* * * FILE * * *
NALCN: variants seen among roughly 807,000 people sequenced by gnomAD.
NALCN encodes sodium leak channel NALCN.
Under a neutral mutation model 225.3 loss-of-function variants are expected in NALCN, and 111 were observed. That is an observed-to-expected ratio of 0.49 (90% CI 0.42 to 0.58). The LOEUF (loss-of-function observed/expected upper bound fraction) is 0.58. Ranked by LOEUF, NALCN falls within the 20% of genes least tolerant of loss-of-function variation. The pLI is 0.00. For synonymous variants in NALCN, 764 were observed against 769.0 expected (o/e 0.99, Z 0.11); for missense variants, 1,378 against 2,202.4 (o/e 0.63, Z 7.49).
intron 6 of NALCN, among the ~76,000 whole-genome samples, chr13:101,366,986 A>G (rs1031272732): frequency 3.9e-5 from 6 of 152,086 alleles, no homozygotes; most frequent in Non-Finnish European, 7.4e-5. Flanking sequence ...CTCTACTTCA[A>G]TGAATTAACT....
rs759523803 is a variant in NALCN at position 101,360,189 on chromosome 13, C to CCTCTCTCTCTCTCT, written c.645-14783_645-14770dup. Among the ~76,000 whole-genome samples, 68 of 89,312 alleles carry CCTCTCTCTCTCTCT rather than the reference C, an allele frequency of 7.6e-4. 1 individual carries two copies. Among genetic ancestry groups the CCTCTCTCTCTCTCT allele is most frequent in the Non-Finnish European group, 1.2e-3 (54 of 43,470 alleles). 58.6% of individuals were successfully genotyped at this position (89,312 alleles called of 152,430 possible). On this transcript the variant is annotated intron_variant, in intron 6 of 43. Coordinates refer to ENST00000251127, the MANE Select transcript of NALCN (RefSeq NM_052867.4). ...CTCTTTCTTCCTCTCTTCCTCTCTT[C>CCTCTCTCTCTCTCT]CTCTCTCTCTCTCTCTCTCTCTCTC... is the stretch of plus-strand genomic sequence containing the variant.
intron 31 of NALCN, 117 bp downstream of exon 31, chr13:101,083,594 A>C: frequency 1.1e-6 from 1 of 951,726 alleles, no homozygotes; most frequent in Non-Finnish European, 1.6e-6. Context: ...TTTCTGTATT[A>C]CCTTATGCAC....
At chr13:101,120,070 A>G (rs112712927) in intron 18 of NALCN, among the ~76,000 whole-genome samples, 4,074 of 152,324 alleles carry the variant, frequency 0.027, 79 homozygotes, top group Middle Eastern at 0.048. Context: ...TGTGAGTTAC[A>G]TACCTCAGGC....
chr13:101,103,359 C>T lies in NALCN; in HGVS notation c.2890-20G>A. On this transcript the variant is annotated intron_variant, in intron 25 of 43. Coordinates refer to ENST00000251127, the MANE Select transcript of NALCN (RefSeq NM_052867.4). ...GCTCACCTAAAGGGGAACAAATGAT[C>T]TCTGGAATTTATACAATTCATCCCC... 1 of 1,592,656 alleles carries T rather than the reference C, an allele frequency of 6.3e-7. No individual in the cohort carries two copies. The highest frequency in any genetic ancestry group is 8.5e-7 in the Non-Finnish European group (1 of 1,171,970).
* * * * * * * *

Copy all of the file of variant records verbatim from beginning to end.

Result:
NALCN: variants seen among roughly 807,000 people sequenced by gnomAD.
NALCN encodes sodium leak channel NALCN.
Under a neutral mutation model 225.3 loss-of-function variants are expected in NALCN, and 111 were observed. That is an observed-to-expected ratio of 0.49 (90% CI 0.42 to 0.58). The LOEUF (loss-of-function observed/expected upper bound fraction) is 0.58. Ranked by LOEUF, NALCN falls within the 20% of genes least tolerant of loss-of-function variation. The pLI is 0.00. For synonymous variants in NALCN, 764 were observed against 769.0 expected (o/e 0.99, Z 0.11); for missense variants, 1,378 against 2,202.4 (o/e 0.63, Z 7.49).
intron 6 of NALCN, among the ~76,000 whole-genome samples, chr13:101,366,986 A>G (rs1031272732): frequency 3.9e-5 from 6 of 152,086 alleles, no homozygotes; most frequent in Non-Finnish European, 7.4e-5. Flanking sequence ...CTCTACTTCA[A>G]TGAATTAACT....
rs759523803 is a variant in NALCN at position 101,360,189 on chromosome 13, C to CCTCTCTCTCTCTCT, written c.645-14783_645-14770dup. Among the ~76,000 whole-genome samples, 68 of 89,312 alleles carry CCTCTCTCTCTCTCT rather than the reference C, an allele frequency of 7.6e-4. 1 individual carries two copies. Among genetic ancestry groups the CCTCTCTCTCTCTCT allele is most frequent in the Non-Finnish European group, 1.2e-3 (54 of 43,470 alleles). 58.6% of individuals were successfully genotyped at this position (89,312 alleles called of 152,430 possible). On this transcript the variant is annotated intron_variant, in intron 6 of 43. Coordinates refer to ENST00000251127, the MANE Select transcript of NALCN (RefSeq NM_052867.4). ...CTCTTTCTTCCTCTCTTCCTCTCTT[C>CCTCTCTCTCTCTCT]CTCTCTCTCTCTCTCTCTCTCTCTC... is the stretch of plus-strand genomic sequence containing the variant.
intron 31 of NALCN, 117 bp downstream of exon 31, chr13:101,083,594 A>C: frequency 1.1e-6 from 1 of 951,726 alleles, no homozygotes; most frequent in Non-Finnish European, 1.6e-6. Context: ...TTTCTGTATT[A>C]CCTTATGCAC....
At chr13:101,120,070 A>G (rs112712927) in intron 18 of NALCN, among the ~76,000 whole-genome samples, 4,074 of 152,324 alleles carry the variant, frequency 0.027, 79 homozygotes, top group Middle Eastern at 0.048. Context: ...TGTGAGTTAC[A>G]TACCTCAGGC....
chr13:101,103,359 C>T lies in NALCN; in HGVS notation c.2890-20G>A. On this transcript the variant is annotated intron_variant, in intron 25 of 43. Coordinates refer to ENST00000251127, the MANE Select transcript of NALCN (RefSeq NM_052867.4). ...GCTCACCTAAAGGGGAACAAATGAT[C>T]TCTGGAATTTATACAATTCATCCCC... 1 of 1,592,656 alleles carries T rather than the reference C, an allele frequency of 6.3e-7. No individual in the cohort carries two copies. The highest frequency in any genetic ancestry group is 8.5e-7 in the Non-Finnish European group (1 of 1,171,970).